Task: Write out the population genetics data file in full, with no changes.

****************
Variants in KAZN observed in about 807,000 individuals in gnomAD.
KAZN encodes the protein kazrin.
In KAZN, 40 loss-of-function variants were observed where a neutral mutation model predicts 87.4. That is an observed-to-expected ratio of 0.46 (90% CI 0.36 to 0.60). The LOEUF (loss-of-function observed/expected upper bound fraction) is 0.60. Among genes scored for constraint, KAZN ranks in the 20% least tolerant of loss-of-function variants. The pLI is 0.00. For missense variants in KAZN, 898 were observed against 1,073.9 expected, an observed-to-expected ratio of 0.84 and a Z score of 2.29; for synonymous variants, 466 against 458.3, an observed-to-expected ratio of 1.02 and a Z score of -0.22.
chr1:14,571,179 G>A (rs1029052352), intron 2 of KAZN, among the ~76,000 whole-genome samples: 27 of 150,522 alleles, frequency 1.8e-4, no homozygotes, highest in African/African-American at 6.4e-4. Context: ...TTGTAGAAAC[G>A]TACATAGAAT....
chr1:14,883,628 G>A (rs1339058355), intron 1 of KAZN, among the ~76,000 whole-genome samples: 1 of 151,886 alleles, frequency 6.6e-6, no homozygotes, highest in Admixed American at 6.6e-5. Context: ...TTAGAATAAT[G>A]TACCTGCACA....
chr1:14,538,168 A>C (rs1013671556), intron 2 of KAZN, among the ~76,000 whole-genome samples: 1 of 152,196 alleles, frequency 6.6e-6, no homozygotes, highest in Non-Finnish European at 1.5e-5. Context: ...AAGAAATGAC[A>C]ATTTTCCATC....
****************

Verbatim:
Variants in KAZN observed in about 807,000 individuals in gnomAD.
KAZN encodes the protein kazrin.
In KAZN, 40 loss-of-function variants were observed where a neutral mutation model predicts 87.4. That is an observed-to-expected ratio of 0.46 (90% CI 0.36 to 0.60). The LOEUF (loss-of-function observed/expected upper bound fraction) is 0.60. Among genes scored for constraint, KAZN ranks in the 20% least tolerant of loss-of-function variants. The pLI is 0.00. For missense variants in KAZN, 898 were observed against 1,073.9 expected, an observed-to-expected ratio of 0.84 and a Z score of 2.29; for synonymous variants, 466 against 458.3, an observed-to-expected ratio of 1.02 and a Z score of -0.22.
chr1:14,571,179 G>A (rs1029052352), intron 2 of KAZN, among the ~76,000 whole-genome samples: 27 of 150,522 alleles, frequency 1.8e-4, no homozygotes, highest in African/African-American at 6.4e-4. Context: ...TTGTAGAAAC[G>A]TACATAGAAT....
chr1:14,883,628 G>A (rs1339058355), intron 1 of KAZN, among the ~76,000 whole-genome samples: 1 of 151,886 alleles, frequency 6.6e-6, no homozygotes, highest in Admixed American at 6.6e-5. Context: ...TTAGAATAAT[G>A]TACCTGCACA....
chr1:14,538,168 A>C (rs1013671556), intron 2 of KAZN, among the ~76,000 whole-genome samples: 1 of 152,196 alleles, frequency 6.6e-6, no homozygotes, highest in Non-Finnish European at 1.5e-5. Context: ...AAGAAATGAC[A>C]ATTTTCCATC....